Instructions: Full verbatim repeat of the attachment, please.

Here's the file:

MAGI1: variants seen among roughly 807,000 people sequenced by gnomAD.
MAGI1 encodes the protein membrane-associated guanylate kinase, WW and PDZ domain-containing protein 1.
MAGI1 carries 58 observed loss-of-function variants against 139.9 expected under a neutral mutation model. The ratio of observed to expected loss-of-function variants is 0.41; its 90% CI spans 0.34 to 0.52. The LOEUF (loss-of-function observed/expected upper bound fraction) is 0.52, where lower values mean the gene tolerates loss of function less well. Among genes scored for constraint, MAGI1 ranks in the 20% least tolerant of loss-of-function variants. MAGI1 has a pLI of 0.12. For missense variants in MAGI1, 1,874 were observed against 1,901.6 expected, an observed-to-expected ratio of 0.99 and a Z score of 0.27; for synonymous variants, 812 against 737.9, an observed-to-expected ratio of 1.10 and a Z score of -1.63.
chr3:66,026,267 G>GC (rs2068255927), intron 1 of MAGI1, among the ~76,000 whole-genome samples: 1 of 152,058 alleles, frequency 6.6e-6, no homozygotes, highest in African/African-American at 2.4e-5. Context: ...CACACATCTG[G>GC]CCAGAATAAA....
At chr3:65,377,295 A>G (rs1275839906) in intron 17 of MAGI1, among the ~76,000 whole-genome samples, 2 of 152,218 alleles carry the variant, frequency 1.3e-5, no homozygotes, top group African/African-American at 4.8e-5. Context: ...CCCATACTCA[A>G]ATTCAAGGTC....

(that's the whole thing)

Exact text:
MAGI1: variants seen among roughly 807,000 people sequenced by gnomAD.
MAGI1 encodes the protein membrane-associated guanylate kinase, WW and PDZ domain-containing protein 1.
MAGI1 carries 58 observed loss-of-function variants against 139.9 expected under a neutral mutation model. The ratio of observed to expected loss-of-function variants is 0.41; its 90% CI spans 0.34 to 0.52. The LOEUF (loss-of-function observed/expected upper bound fraction) is 0.52, where lower values mean the gene tolerates loss of function less well. Among genes scored for constraint, MAGI1 ranks in the 20% least tolerant of loss-of-function variants. MAGI1 has a pLI of 0.12. For missense variants in MAGI1, 1,874 were observed against 1,901.6 expected, an observed-to-expected ratio of 0.99 and a Z score of 0.27; for synonymous variants, 812 against 737.9, an observed-to-expected ratio of 1.10 and a Z score of -1.63.
chr3:66,026,267 G>GC (rs2068255927), intron 1 of MAGI1, among the ~76,000 whole-genome samples: 1 of 152,058 alleles, frequency 6.6e-6, no homozygotes, highest in African/African-American at 2.4e-5. Context: ...CACACATCTG[G>GC]CCAGAATAAA....
At chr3:65,377,295 A>G (rs1275839906) in intron 17 of MAGI1, among the ~76,000 whole-genome samples, 2 of 152,218 alleles carry the variant, frequency 1.3e-5, no homozygotes, top group African/African-American at 4.8e-5. Context: ...CCCATACTCA[A>G]ATTCAAGGTC....